Comdex Coverage Fall 2002 Article
Category: Trade Shows/Conventions
November 27, 2002
Comdex was smaller this year than last year and it was kind of a disappointment. There was a lot of talk and rumors floating around that Comdex wouldn't be in Las Vegas next year. However KeyMedia cleared this up on Friday by stating, Comdex will be returning to Las Vegas next year. He also said if there wasn't a Comdex, there wouldn't be anyone else that could put on a show with such a broad range of products and company's. When I first walked in to the Comdex Hall, I saw a very nice Dodge Viper a company was giving away. This thing was fully loaded with an awesome sound system, and biometric fingerprint identification. Guess what? I won it!!!
Too bad I didn't win the full scale car..
Cobalt3 Pyramid V
Cobalt3, a somewhat new company specializes in a fan silencer called Pyramid V. This Pyramid shaped device connects to all of your case fans to regulate the speed of the fans. Inside of this device it has an onboard temperature probe which it will use to calculate how hot your computer case is and also how much voltage should be allowed for your case fans. As the temperature of your computer case rises, the Pyramid will automatically supply more voltage to your case fans so that they will cool more. If for some reason the Pyramid should ever stop working, all of the case fans that are connected to the device will automatically run at high speed. Another failsafe feature is the audible alarm. If your case temperature ever goes over 100°f, the Pyramid will automatically sound an alarm it has built-in.
The Pyramid is somewhat attractive because of the built-in LED light that emits from it. The Pyramid is also very small in size, it's about the size of a 1 inch ball so it can easily be placed anywhere in your case. The Pyramid can be bought from Directron, FrozenCPU, ZXMods, and several other online retailers. The retail price of the Pyramid is around $26 and you can choose from several different color LEDs. The Pyramid is slightly over priced for the features it has, but it would make a great stocking stuffer for Christmas.
Zalman Heatsink & Headphones
I had the opportunity to meet Sangcheol Lee, the Chief Technology Officer (Head Engineer) of Zalman
. Mr. Lee is the man that has engineered all of the Zalman heatsinks and from talking to him, I cant tell that he is a very knowledgeable person. It would take such a knowledgeable person to engineer the products that Zalman has made and have won many awards for. Mr. Lee introduced me to one of their newest heatsinks, the CNPS7000-Cu. The CNPS7000-Cu is a very large cylinder shaped heatsink with a fan in the middle of it. The fan on the heatsink they had displayed was an all clear fan, but it had no LED light emitting from it. I did recommend to, Mr. Lee that they should add an LED to the fan to make all of the case modders happy. He liked the idea and will be taking it under consideration. This heatsink was installed on a motherboard that they had at their booth. The heatsink is very large in size, and it took up a fairly large amount of room on the motherboard. I'm not sure if this heatsink will clear the capacitors on all types of motherboards or not. That might be a known problem with this heatsink. It is compatible with the Hammer and P4 CPU's. In addition, it can handle up to 200W. This heatsink looks very promising, and I can't wait to get one in our lab to thoroughly test and review.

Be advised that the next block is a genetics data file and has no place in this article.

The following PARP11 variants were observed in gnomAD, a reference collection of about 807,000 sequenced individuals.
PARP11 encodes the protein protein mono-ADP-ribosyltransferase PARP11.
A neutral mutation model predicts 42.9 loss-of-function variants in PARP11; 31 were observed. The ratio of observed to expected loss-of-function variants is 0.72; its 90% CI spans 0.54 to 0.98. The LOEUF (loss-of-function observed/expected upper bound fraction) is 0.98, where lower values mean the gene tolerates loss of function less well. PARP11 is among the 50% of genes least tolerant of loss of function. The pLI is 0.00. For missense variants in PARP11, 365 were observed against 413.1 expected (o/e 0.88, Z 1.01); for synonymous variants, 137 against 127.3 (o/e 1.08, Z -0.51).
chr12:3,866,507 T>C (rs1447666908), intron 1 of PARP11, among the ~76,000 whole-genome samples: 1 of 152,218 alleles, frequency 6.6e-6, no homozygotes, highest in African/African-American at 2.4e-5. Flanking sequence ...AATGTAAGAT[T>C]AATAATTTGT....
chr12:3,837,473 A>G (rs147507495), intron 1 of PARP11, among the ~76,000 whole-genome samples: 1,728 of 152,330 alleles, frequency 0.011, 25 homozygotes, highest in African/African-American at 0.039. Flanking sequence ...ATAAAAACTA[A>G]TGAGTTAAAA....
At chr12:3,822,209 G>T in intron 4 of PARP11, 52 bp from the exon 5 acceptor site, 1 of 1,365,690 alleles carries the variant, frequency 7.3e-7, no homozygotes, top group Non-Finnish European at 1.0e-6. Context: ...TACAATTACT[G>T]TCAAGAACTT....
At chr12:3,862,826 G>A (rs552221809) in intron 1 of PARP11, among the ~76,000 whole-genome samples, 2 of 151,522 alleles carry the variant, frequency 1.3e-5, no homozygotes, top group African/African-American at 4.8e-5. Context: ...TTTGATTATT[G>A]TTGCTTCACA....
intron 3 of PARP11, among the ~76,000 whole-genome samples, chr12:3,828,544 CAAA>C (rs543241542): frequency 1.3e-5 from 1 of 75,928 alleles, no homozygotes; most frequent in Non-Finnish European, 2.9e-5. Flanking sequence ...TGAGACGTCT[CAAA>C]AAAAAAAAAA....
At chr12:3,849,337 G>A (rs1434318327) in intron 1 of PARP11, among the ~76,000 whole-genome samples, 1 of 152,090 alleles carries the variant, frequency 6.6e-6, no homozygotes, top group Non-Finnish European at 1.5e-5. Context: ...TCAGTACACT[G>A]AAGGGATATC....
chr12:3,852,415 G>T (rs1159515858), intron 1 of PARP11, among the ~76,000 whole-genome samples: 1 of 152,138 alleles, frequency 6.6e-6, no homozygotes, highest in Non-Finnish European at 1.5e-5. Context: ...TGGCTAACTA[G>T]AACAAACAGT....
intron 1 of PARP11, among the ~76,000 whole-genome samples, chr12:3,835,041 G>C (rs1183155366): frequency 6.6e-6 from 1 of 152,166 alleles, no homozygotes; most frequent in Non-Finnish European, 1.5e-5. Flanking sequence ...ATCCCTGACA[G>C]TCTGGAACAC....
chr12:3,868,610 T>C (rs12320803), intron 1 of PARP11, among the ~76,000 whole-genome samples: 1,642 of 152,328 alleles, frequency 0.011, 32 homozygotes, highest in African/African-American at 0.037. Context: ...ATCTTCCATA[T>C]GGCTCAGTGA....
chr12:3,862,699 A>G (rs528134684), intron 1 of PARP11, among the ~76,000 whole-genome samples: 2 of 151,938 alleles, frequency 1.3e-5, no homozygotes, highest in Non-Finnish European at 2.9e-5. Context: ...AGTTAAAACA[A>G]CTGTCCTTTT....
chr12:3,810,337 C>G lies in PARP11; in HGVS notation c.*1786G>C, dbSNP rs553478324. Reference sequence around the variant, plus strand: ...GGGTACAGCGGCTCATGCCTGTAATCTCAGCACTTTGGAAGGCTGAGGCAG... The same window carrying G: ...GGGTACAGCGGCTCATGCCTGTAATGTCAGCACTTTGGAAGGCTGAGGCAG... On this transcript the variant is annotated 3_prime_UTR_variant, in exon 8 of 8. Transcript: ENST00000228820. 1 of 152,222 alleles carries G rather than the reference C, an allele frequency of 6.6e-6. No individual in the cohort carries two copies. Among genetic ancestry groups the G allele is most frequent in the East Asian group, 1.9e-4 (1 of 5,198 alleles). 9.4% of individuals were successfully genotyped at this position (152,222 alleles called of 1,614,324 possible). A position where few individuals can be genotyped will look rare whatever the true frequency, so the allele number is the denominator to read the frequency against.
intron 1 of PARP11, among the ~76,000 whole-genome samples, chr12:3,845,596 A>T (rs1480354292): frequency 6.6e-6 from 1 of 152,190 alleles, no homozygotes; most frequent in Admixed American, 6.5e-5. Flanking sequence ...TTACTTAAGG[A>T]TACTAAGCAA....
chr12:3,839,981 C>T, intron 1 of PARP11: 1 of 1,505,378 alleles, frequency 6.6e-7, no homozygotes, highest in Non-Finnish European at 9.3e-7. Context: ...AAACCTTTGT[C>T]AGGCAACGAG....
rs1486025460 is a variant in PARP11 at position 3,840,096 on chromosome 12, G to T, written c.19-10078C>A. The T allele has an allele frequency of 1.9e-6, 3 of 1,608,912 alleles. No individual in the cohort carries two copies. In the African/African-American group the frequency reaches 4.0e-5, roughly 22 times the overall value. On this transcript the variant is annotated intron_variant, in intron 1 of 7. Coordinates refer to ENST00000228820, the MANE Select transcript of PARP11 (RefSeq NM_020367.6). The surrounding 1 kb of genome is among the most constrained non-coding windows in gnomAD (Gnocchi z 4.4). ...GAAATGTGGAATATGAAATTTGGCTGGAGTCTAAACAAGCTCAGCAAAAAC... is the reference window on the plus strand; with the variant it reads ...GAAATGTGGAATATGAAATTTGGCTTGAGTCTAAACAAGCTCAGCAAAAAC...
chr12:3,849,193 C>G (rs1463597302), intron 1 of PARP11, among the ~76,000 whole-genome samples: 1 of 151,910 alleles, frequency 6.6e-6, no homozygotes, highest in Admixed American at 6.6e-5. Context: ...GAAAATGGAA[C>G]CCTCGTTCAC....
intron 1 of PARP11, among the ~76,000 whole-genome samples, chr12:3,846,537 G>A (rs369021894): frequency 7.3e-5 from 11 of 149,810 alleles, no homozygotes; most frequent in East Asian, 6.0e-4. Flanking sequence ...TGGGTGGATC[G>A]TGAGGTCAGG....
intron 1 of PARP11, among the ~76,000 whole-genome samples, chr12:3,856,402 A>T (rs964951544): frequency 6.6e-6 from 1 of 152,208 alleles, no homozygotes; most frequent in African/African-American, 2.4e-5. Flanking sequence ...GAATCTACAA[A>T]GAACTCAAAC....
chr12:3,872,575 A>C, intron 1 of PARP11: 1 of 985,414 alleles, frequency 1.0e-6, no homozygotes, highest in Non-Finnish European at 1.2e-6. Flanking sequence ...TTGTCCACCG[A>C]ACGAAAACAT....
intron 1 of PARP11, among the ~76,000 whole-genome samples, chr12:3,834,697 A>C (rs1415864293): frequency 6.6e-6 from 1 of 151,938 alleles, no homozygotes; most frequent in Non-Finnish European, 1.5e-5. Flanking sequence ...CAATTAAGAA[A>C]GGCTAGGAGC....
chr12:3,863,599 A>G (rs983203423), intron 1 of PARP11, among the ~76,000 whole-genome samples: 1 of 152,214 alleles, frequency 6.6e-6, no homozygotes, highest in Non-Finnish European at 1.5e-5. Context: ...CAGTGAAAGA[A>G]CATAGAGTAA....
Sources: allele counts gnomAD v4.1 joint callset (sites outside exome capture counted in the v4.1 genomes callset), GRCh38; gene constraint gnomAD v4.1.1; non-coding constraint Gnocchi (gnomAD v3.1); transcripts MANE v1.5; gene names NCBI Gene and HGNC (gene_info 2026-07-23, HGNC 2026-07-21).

Heatsinks weren't the only new products Zalman had at their booth this year. They also had some very cool headphones. When I first saw these headphones, I just thought they were some plain-jane gaming headphones like all of the other hundreds of different headphones. However, once I read the brochure about them, I quickly realized they weren't your everyday standard pair of headphones. Traditional headphones have two speakers in them, one for each ear. However, the Zalman headphones have two speakers in each ear, for a total of four speakers. This gives these headphones out of this world surround sound! I listened to them, and they really did sound like no other headphones I have listened to before. If they only made these "wireless" headphones, they'd be perfect. These headphones are manufactured by MMGear, and distributed by Zalman. Expect these headphones to hit the market sometime next month. The price will be around $39.95.
Thermaltake Aquarius Water Cooler
Thermaltake had their Aquarius water cooler on display at their booth this year. You may have already seen the Aquarius water cooler on the Thermaltake website. I know that a lot of our members have discussed whether or not that this water cooler is worth buying. It appeared to of been built well and it does provide very quiet cooling like all other water coolers but, from looking at this water cooler I would have to put it in the same performance category as the Iceberg water cooler that I reviewed last month. However, since I have not reviewed or tested this water cooler I cannot say that. As matter a fact, the Aquarius comes with a solid copper water block, and the Iceberg only came with an aluminum one.
The Aquarius did have a nice failsafe feature, a backup
reservoir. The backup reservoir insures that there will always be water in your main reservoir. Water tends to evaporate from water coolers over time, and you